Shared Memory and Scope/Lifetime int cm_parallel(int array[], int len, int target) { int divs = 4; std::thread workers[divs]; int results[divs]; for (int d = 0; d < divs; d++) workers[d] = std::thread(&cmp_helper, &results[d], array, (d*len)/divisions, ((d+1)*len)/divisions, target); int matches = 0; for (int d = 0; d < divs; d++) matches += results[d]; } return matches; Scope problems: What happens if the child thread is still using the

variable when it is deallocated (goes out of scope) in the parent? KABOOM (possibly silently??) Sophomoric Parallelism and Concurrency, Lecture 1 24 void cmp_helper(int * result, int array[], int lo, int hi, int target) { *result = count_matches(array + lo, hi - lo, target); } Run the Code! int cm_parallel(int array[], int len, int target) { int divs = 4; std::thread workers[divs]; int results[divs]; for (int d = 0; d < divs; d++) workers[d] = std::thread(&cmp_helper,

&results[d], array, (d*len)/divisions, ((d+1)*len)/divisions, target); int matches = 0; for (int d = 0; d < divs; d++) matches += results[d]; } return matches; Now, lets run it. KABOOM! What happens, and how do we fix it? Sophomoric Parallelism and Concurrency, Lecture 1 25 Fork/Join Parallelism std::thread defines methods you could not implement on your own The constructor calls its argument in a new thread (forks)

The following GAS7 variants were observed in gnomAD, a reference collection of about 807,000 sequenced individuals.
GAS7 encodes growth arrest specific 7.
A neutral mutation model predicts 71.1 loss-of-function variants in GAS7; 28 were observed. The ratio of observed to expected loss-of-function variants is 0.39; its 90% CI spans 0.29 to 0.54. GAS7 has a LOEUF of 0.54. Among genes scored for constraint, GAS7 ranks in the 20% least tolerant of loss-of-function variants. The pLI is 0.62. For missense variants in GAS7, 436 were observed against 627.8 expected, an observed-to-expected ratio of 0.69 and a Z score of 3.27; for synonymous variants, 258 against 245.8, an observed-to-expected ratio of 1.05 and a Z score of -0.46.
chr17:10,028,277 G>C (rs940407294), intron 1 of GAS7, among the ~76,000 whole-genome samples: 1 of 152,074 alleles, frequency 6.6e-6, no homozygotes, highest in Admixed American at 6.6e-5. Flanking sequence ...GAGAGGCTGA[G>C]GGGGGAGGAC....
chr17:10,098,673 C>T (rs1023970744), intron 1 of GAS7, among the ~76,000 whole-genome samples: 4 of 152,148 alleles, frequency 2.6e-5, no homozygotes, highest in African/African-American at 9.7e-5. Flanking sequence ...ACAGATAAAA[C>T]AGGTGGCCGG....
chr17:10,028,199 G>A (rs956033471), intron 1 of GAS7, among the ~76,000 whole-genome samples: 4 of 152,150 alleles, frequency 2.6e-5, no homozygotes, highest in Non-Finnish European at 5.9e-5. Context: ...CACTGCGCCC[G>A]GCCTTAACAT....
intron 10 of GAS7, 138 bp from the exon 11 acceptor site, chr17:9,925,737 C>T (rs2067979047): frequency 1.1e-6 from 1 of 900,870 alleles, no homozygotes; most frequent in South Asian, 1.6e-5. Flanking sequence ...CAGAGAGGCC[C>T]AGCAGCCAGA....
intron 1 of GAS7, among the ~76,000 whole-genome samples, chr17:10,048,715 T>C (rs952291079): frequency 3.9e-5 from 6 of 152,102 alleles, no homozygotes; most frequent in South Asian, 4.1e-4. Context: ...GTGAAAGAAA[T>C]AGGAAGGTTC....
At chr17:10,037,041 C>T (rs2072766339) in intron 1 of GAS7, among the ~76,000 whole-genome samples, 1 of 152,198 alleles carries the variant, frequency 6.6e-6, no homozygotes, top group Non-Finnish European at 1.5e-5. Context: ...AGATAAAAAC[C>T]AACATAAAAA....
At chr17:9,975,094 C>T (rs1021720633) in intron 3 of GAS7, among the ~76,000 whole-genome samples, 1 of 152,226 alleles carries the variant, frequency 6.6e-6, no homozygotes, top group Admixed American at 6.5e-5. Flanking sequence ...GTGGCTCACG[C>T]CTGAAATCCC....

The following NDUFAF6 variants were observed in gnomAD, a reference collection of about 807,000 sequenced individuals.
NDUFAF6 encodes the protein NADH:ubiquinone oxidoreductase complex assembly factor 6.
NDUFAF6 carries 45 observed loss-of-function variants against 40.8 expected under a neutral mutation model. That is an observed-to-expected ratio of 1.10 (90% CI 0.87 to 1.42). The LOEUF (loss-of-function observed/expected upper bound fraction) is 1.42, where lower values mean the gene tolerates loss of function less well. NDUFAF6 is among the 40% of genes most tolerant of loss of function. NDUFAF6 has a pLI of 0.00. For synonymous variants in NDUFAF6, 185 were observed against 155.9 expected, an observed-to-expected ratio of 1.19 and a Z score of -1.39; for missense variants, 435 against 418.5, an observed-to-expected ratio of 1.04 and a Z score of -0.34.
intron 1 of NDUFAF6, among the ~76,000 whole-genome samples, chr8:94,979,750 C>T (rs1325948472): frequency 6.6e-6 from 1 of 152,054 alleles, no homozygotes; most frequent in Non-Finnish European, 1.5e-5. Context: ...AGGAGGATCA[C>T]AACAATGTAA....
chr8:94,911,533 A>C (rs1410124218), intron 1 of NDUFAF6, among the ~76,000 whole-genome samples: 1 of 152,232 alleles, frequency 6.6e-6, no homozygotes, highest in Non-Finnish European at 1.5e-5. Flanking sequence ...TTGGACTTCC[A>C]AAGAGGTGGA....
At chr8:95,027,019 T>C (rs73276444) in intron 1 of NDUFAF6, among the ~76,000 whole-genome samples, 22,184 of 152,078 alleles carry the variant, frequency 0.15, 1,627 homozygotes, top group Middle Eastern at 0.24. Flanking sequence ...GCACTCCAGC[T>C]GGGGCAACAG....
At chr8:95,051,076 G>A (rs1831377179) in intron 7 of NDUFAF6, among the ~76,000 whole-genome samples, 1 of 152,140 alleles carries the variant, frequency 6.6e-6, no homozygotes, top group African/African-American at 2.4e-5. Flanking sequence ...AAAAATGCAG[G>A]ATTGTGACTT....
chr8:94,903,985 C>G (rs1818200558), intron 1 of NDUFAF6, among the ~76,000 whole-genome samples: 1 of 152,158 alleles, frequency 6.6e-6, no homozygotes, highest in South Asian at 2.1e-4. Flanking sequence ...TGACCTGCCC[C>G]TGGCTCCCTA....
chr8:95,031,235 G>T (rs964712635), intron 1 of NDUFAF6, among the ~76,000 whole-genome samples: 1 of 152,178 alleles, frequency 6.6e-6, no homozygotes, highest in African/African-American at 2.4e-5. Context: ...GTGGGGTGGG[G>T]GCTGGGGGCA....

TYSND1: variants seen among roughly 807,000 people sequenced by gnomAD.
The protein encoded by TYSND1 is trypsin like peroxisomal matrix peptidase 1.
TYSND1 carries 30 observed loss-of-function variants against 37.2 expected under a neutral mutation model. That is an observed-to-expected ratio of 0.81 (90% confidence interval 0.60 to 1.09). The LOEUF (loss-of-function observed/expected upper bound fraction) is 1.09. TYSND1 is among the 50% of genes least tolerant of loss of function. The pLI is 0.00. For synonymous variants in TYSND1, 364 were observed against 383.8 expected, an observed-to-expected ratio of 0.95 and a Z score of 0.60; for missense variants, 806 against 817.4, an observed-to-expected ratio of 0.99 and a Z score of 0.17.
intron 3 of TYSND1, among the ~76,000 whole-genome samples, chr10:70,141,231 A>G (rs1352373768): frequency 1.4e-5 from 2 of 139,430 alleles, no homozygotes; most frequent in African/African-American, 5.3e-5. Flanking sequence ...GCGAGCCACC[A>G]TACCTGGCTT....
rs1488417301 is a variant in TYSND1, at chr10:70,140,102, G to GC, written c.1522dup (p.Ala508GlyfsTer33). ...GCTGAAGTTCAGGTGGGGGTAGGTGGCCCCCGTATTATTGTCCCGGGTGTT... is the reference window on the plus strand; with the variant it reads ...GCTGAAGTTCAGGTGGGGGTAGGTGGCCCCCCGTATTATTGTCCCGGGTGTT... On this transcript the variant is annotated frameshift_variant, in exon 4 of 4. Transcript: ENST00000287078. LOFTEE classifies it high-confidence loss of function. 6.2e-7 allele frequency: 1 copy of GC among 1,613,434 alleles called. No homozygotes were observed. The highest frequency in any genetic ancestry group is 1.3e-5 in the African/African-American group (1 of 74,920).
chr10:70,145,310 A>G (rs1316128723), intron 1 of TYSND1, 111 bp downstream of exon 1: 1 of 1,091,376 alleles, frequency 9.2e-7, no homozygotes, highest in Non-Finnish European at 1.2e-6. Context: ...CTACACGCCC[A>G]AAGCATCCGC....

Sophomoric Parallelism and Concurrency, Lecture 1 26 Fork/Join Parallelism std::thread defines methods you could not implement on your own The constructor calls its argument in a new thread (forks) fork! Sophomoric Parallelism and Concurrency, Lecture 1 27 Fork/Join Parallelism std::thread defines methods you could not implement on your own

The constructor calls its argument in a new thread (forks) fork! Sophomoric Parallelism and Concurrency, Lecture 1 28 Fork/Join Parallelism std::thread defines methods you could not implement on your own The constructor calls its argument in a new thread (forks) Sophomoric Parallelism and Concurrency, Lecture 1 29 Fork/Join Parallelism std::thread defines methods you could not implement on your

own The constructor calls its argument in a new thread (forks) join blocks until/unless the receiver is done executing (i.e., its constructors argument function returns) join! Sophomoric Parallelism and Concurrency, Lecture 1 30 Fork/Join Parallelism std::thread defines methods you could not implement on your own The constructor calls its argument in a new thread (forks) join blocks until/unless the receiver is done executing (i.e., its constructors argument function returns) This thread is join!

stuck until the other one finishes. Sophomoric Parallelism and Concurrency, Lecture 1 31 Fork/Join Parallelism std::thread defines methods you could not implement on your own The constructor calls its argument in a new thread (forks) join blocks until/unless the receiver is done executing (i.e., its constructors argument function returns) join! Sophomoric Parallelism and Concurrency, Lecture 1 This thread could already be